You have a better chance of surviving breast cancer if your doctor finds and treats it early. The best way to detect breast cancer early is to be screened regularly. This isn't possible for many cancers, but it is with breast cancer. Screening, however, doesn't guarantee that you won't get cancer or die from it, especially if it's found after symptoms develop.
Screening for breast cancer can include a combination of breast self-exams (BSE), clinical breast exams (CBE), and mammography. These three can complement each other, improving your chances of catching cancer early. Although BSE is helpful, its role in detecting cancer early is limited. Here are descriptions of each.
Mammography is a low-dose x-ray of the breasts to find changes that may occur. It is the most common imaging technique. Mammography can detect cancer or other problems before a lump becomes large enough to be felt, as well as assist in the diagnosis of other breast problems. However, a biopsy is required to confirm the presence of cancer.
A diagnostic mammogram may be required when a questionable area is found during a screening mammogram.
A mammogram detects tumors and calcium deposits in the breast. Most calcium deposits are benign (not cancer). However, a cluster of very tiny specks of calcium, called microcalcifications, can be an early sign of breast cancer. If your mammogram shows anything abnormal, you may need more tests.
Although a mammogram is the best way to find breast cancer early, it may not always detect cancer. And sometimes a mammogram may detect an abnormality that turns out not to be cancer, called a false positive. Some people worry about the radiation. But the radiation levels are about the same as those you'd be exposed to during a flight from New York to California.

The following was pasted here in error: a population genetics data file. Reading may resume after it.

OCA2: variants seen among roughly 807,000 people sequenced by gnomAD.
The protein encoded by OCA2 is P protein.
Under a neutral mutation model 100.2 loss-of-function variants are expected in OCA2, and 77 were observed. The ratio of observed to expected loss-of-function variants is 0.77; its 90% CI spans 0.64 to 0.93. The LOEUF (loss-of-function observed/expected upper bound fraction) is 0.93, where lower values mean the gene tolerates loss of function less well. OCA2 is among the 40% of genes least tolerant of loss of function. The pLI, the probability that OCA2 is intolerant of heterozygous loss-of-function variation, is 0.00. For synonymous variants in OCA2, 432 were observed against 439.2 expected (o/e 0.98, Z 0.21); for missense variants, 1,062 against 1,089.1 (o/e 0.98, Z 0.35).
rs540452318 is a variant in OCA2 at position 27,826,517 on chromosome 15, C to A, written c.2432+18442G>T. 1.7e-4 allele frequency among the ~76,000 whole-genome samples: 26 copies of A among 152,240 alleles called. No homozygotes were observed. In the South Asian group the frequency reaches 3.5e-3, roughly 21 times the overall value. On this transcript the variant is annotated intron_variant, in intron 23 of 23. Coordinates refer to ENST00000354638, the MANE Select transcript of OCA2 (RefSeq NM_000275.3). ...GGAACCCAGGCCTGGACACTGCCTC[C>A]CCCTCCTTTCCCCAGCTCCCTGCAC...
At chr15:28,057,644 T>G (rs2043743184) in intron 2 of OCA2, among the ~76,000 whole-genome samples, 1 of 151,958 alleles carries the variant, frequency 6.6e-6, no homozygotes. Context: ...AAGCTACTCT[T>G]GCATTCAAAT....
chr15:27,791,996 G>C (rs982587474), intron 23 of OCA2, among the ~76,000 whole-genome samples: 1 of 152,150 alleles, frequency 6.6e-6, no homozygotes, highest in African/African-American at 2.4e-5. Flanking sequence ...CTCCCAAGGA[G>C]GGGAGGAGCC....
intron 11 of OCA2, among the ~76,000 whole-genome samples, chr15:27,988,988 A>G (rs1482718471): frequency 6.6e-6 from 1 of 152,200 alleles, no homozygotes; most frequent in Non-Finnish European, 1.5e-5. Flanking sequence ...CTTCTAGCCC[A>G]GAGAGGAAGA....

A breast examination by a physician or nurse trained to evaluate breast problems should be part of a woman's physical examination. The ACS recommends:
Between the ages of 20 and 39, women should have a clinical breast examination by a health professional every three years.
After age 40, women should have a breast examination by a health professional every year.
A physical breast examination by a physician or nurse is very similar to the procedures used for breast self-examination.
Breast self-exams are an option for women 20 and older as a means of familiarizing themselves with their breasts so they can notice changes more easily. BSE should be done regularly at the same time every month. Regular BSE teaches you to know how your breasts normally feel so that you can more readily detect any change. Changes may include:
- Development of a lump
- A discharge other than breast milk
- Swelling of the breast, skin irritation or dimpling nipple abnormalities (i.e., pain, redness, scaliness, turning inward)
If you notice any of these changes, see your healthcare provider as soon as possible for evaluation.